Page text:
But if the problem is a vibration, and you’ve ruled out the wheels, it could be due to an out-of-balance driveshaft. Driveshafts, like wheels, need to be balanced. Thin curved weights are usually spot-welded in place during manufacture. Unlike wheel balancing, driveshaft balancing was thought to be a once-in-a-lifetime thing. However, 30, 40, 50, or 60 years after manufacture, it certainly is possible for a weight to fly off. In addition, with two-piece driveshafts, it is possible that, when separating the driveshaft halves to change a center support bearing, the two halves were not reconnected in their original orientation. Both of these things can throw a shaft out of balance and cause vibration.
First, inspect the rubber mounts of the engine, transmission, and differential. If one of these has broken, it will cause that component to sit differently than designed, which likely will cock the driveshaft at an odd angle, which in turn can induce both vibration and noise.
Next, visually inspect the driveshaft to see if there are any light-colored rectangular patches indicating that a weight has fallen off. A driveshaft shop should be able to check the balance of your driveshaft and rebalance it if necessary. Be aware, though, that more and more the trend is for driveshaft shops to exchange your driveshaft for a reconditioned unit that is both rebalanced and has had the universal joints rebuilt. On the one hand, if you have to pull a driveshaft out, it’s a good idea to deal with any of its potential issues, but with rebuilt-exchanges in the $250–$350 range, it’s a stiff price to pay if you’re not certain that’s the problem.
The driveshaft is a natural point at which to segue from vibration issues to rumbling issues, as it is the drivetrain component that can exhibit both. Rumbling can come from the bearings in the transmission, driveshaft universal joints, differential bearings, and wheel bearings. Rumbling is notorious for telegraphing through the body of the vehicle, making it difficult to pinpoint its origin.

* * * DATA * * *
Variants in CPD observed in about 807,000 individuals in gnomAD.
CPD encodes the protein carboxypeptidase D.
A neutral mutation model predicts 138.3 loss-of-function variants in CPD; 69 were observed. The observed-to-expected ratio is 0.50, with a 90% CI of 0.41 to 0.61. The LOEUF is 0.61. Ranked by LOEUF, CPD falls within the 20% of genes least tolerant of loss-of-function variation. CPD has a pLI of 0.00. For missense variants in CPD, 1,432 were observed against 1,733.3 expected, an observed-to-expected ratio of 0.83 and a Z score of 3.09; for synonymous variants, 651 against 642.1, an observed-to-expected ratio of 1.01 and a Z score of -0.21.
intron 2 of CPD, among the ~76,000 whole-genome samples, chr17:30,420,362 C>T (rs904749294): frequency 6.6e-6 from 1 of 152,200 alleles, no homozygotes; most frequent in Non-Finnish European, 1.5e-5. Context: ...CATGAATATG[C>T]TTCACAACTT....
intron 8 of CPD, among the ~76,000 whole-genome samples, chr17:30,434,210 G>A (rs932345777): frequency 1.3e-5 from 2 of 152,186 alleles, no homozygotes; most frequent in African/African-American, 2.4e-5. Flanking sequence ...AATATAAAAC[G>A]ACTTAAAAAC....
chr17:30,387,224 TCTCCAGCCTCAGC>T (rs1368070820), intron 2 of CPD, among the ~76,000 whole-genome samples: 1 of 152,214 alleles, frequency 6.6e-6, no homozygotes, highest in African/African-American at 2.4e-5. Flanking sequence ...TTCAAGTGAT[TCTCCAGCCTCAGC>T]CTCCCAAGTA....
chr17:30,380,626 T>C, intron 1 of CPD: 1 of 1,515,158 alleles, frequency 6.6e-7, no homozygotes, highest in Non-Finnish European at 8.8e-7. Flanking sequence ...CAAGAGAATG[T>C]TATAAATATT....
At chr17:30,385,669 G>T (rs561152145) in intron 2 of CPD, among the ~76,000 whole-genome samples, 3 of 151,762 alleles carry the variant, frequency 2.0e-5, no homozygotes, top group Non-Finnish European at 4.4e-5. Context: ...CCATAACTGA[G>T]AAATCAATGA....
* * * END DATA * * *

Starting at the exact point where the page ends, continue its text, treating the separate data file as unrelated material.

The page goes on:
The best tools for nailing down the origin of a rumble is a lift and a mechanic’s stethoscope. If it is safe for you to do so, secure the car on the lift, following all of the manufacturer’s instructions to the letter. Connect a vent hose to the tailpipe of the car and exhaust it to the outside. Be certain that the space is extremely well ventilated to expel any exhaust that isn’t captured by the hose. Raise the lift, then start the car and put it in a low gear to spin the rear wheels. Secure your hair and any loose clothing, and go beneath the car, being extremely careful not to touch any rotating surfaces. If you don’t feel comfortable doing this, don’t do it.
Once under the running car, you may be able to isolate the source of the rumble with just your ears, or with a hose or a funnel to your ear concentrating the sound, but it’s often necessary to use the mechanic’s stethoscope and touch it to the rear trailing arms that house the rear wheel bearings, the body of the differential, and the back of the transmission. Hopefully one of these will be clearly and obviously noisy in the stethoscope.
I’m a firm believer in doing the easiest things first. If stethoscopic examination seems to implicate the driveshaft, pull it out. Then you can directly spin the center support bearing and feel the universal joints, checking them for quiet, smooth, play-free motion.